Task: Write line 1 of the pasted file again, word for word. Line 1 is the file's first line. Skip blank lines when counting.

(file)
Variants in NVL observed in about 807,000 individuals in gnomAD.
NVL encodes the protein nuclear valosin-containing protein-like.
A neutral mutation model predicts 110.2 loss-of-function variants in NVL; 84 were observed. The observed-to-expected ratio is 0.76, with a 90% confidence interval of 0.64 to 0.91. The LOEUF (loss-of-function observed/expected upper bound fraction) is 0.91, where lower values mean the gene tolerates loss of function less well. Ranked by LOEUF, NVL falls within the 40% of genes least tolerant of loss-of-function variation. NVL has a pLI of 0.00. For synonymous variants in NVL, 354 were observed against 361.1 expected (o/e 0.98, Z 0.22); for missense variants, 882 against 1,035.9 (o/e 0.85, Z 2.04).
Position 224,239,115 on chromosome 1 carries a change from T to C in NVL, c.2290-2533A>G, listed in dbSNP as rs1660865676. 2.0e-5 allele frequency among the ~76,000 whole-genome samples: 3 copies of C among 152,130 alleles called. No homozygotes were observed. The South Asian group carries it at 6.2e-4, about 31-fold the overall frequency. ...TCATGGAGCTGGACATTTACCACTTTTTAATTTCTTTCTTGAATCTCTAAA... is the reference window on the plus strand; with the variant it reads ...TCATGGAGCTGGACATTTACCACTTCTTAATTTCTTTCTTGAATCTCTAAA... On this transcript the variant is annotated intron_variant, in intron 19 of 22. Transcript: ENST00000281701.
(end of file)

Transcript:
Variants in NVL observed in about 807,000 individuals in gnomAD.